Government Agencies to Release Emergency Alerts on Facebook

After a recent test with 350 agencies that included Miami Beach, Fla., the social media giant Facebook is making its emergency alerts tool available to any government page that wants to use it.

by Douglas Hanks, Miami Herald / August 28, 2019
Shutterstock/rafapress

(TNS) — Facebook is rolling out a new service for local governments with urgent news to share.

After a test with 350 agencies that included Miami Beach, Fla., the social-media giant is making its emergency-alerts tool available to any government Facebook page that wants to use it. The “local alerts” feature lets governments publish emergency announcements to entire populations or just people who happen to be blocks from an incident.

“We had a bomb threat not too long ago,” said Amanda Carballo, digital-media specialist for Miami Beach. “We were able to target people within the surrounding area.” The bogus July 23 bomb threat at the city’s police department at 1100 Washington Ave. prompted Miami Beach to send an alert to about 3,200 people within a three-mile radius.

Carballo said 411 people clicked on the post, which registered in the Notifications feed of Facebook accounts. “You miss posts all the time,” Carballo said. “This brings it to the forefront.”

Miami Beach was an early adopter of the local alerts that Facebook reserves for government agencies. They’re identified by a yellow exclamation-point icon. A list from Facebook shows local early testers include Miami-Dade government, along with Bay Harbor Islands, Pinecrest, Sunrise and Wilton Manors. A company executive said the plan is to offer it to all local governments by the end of 2019.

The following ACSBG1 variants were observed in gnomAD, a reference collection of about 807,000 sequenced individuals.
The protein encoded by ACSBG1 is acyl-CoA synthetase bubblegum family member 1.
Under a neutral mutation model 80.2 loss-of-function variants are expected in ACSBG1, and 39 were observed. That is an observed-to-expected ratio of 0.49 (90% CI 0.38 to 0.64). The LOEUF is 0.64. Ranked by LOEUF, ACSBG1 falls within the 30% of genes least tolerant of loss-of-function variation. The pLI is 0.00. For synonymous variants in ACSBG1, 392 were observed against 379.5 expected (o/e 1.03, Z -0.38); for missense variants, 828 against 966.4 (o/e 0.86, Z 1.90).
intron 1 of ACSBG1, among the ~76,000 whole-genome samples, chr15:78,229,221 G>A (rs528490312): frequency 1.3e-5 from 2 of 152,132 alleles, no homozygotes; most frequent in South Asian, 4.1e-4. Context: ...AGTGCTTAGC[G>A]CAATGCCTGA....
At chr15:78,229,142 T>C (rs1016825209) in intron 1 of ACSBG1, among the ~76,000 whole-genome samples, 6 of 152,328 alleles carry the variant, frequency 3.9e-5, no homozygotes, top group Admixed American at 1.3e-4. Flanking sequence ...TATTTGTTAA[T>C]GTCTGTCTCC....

“It’s things like a power outage, or a missing person, a severe weather event, or a water-main break that requires you to boil water,” said Jimmy O’Keefe, a Facebook product-marketing executive helping launch the feature. “When they use local alerts, people are much more likely to see it.”

There are some limits — governments can only use 35 local alerts within a 30-day period. “Over the course of our testing,” O’Keefe said, “we haven’t seen a government come even close to that limit.”

In Miami Beach, Carballo said the city has used it for police incidents and traffic advisories related to the regular Critical Mass bike rally.

“We try to use it very sparingly,” she said.

©2019 Miami Herald. Distributed by Tribune Content Agency, LLC.

Platforms & Programs